The US Attorney's Office released the following statement to Local 8 News: "The U.S. Attorney’s Office is in communication with the District Attorney General’s office. A review of the evidence in this case will have to take place in order to determine whether it is appropriate to seek approval from the Attorney General to prosecute juvenile offenders in federal court."

The Gatlinburg wildfires killed 14 people and damaged thousands of structures. Many wildfire victims have since expressed concern about a lack of information regarding the two juveniles that were originally charged with aggravated arson on December 7, 2016, for their roles in allegedly starting the November 2016 wildfires.

At a press conference Friday, Attorney Greg Isaacs described the case as one the most complex juvenile prosecutions in the state of Tennessee. Isaacs apparently without doubt said, "My client and the other juvenile based on the proof and evidence did not cause the death and devastation in Gatlinburg period."

Isaacs also expressed his belief that the November 23 Chimney Top Fires did not cause the Gatlinburg fires. "People aren't looking for scapegoats, they're looking for answers. This is the beginning of answering questions that need to be answered." He continued, "Hopefully this will be a step towards finding answers, healing, and closure."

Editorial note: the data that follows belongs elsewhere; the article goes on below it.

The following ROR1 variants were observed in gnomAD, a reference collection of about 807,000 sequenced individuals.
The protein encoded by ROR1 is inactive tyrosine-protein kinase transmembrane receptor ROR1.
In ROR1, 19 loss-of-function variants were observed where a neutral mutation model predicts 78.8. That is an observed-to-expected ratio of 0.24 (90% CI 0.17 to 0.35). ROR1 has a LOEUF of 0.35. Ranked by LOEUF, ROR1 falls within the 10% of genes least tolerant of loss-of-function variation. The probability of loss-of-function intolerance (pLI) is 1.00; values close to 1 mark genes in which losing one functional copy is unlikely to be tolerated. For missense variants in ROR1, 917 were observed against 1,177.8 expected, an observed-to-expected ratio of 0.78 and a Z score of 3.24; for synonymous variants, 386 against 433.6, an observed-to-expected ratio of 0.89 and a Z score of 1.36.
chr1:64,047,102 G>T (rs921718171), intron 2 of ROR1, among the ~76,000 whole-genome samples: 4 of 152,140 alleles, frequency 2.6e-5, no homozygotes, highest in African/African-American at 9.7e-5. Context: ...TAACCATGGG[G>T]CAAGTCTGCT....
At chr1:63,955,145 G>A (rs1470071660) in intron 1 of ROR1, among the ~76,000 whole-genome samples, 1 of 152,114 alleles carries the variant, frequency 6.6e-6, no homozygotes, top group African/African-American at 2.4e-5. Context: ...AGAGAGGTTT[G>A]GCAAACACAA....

Prosecutors have dropped charges filed against two teens believed to be responsible for the November wildfires that killed 14 people. They could still face federal charges, but state charges have been dropped. Here's why they made that decision:

Posted by WVLT on Friday, June 30, 2017
Timeline of the wildfires
Wednesday, November 23:

Chimney Tops II fire starts

Sunday, November 27:

Spot fires from Chimney Tops II fire spreads outside the containment area

Monday, November 28:

During the day, smoke fills downtown Gatlinburg and winds pick up; At night, a few mandatory evacuation issues are ordered, with door-to-door evacuations in some areas. The Great Smoky Mountains National Park closes. Families flee their homes.

Tuesday, November 29:

Shelters are set up, where people remain for more than a week.

Wednesday, November 30: